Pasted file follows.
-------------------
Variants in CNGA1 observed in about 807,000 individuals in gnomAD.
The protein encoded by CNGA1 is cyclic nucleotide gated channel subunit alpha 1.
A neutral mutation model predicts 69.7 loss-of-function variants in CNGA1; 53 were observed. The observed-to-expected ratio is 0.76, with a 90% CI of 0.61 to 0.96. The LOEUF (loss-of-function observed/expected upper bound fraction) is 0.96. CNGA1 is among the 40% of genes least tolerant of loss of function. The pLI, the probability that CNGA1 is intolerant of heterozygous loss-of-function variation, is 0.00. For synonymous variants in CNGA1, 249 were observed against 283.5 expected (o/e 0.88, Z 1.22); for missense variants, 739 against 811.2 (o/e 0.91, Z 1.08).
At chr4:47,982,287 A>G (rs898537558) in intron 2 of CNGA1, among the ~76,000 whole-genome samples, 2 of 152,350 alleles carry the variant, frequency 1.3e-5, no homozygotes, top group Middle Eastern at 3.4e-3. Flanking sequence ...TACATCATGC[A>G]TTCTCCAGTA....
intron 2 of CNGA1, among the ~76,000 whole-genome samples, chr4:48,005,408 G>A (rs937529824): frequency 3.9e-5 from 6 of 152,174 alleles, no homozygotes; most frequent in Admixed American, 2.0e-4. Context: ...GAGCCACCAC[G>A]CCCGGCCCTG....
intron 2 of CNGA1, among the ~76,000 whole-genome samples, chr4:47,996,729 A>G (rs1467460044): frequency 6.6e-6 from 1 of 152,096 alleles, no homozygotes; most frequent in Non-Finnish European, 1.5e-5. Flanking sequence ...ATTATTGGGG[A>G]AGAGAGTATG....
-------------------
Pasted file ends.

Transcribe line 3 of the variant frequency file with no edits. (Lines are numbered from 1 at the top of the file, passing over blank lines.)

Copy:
A neutral mutation model predicts 69.7 loss-of-function variants in CNGA1; 53 were observed. The observed-to-expected ratio is 0.76, with a 90% CI of 0.61 to 0.96. The LOEUF (loss-of-function observed/expected upper bound fraction) is 0.96. CNGA1 is among the 40% of genes least tolerant of loss of function. The pLI, the probability that CNGA1 is intolerant of heterozygous loss-of-function variation, is 0.00. For synonymous variants in CNGA1, 249 were observed against 283.5 expected (o/e 0.88, Z 1.22); for missense variants, 739 against 811.2 (o/e 0.91, Z 1.08).